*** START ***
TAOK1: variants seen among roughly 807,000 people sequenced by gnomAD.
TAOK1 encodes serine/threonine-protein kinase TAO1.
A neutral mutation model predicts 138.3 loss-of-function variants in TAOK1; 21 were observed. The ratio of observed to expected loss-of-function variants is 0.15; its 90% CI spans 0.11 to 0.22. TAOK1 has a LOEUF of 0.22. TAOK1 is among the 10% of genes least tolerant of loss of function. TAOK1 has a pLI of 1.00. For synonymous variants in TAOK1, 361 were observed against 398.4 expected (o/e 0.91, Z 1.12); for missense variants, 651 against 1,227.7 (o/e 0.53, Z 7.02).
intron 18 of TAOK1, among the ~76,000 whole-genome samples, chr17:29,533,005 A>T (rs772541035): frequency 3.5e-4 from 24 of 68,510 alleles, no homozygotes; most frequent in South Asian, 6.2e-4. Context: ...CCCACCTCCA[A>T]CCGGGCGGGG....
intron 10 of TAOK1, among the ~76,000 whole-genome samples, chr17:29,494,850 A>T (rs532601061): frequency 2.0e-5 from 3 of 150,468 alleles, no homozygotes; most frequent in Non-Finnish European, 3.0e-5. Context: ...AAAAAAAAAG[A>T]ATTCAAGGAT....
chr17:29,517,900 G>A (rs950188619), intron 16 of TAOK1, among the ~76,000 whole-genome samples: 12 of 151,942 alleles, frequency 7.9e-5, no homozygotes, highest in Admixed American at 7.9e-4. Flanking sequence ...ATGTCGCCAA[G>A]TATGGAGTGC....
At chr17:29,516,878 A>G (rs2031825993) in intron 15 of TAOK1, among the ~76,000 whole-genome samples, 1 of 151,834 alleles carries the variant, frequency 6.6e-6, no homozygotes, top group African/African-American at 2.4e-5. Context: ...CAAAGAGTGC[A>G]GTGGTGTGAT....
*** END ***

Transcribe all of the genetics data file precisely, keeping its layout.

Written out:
TAOK1: variants seen among roughly 807,000 people sequenced by gnomAD.
TAOK1 encodes serine/threonine-protein kinase TAO1.
A neutral mutation model predicts 138.3 loss-of-function variants in TAOK1; 21 were observed. The ratio of observed to expected loss-of-function variants is 0.15; its 90% CI spans 0.11 to 0.22. TAOK1 has a LOEUF of 0.22. TAOK1 is among the 10% of genes least tolerant of loss of function. TAOK1 has a pLI of 1.00. For synonymous variants in TAOK1, 361 were observed against 398.4 expected (o/e 0.91, Z 1.12); for missense variants, 651 against 1,227.7 (o/e 0.53, Z 7.02).
intron 18 of TAOK1, among the ~76,000 whole-genome samples, chr17:29,533,005 A>T (rs772541035): frequency 3.5e-4 from 24 of 68,510 alleles, no homozygotes; most frequent in South Asian, 6.2e-4. Context: ...CCCACCTCCA[A>T]CCGGGCGGGG....
intron 10 of TAOK1, among the ~76,000 whole-genome samples, chr17:29,494,850 A>T (rs532601061): frequency 2.0e-5 from 3 of 150,468 alleles, no homozygotes; most frequent in Non-Finnish European, 3.0e-5. Context: ...AAAAAAAAAG[A>T]ATTCAAGGAT....
chr17:29,517,900 G>A (rs950188619), intron 16 of TAOK1, among the ~76,000 whole-genome samples: 12 of 151,942 alleles, frequency 7.9e-5, no homozygotes, highest in Admixed American at 7.9e-4. Flanking sequence ...ATGTCGCCAA[G>A]TATGGAGTGC....
At chr17:29,516,878 A>G (rs2031825993) in intron 15 of TAOK1, among the ~76,000 whole-genome samples, 1 of 151,834 alleles carries the variant, frequency 6.6e-6, no homozygotes, top group African/African-American at 2.4e-5. Context: ...CAAAGAGTGC[A>G]GTGGTGTGAT....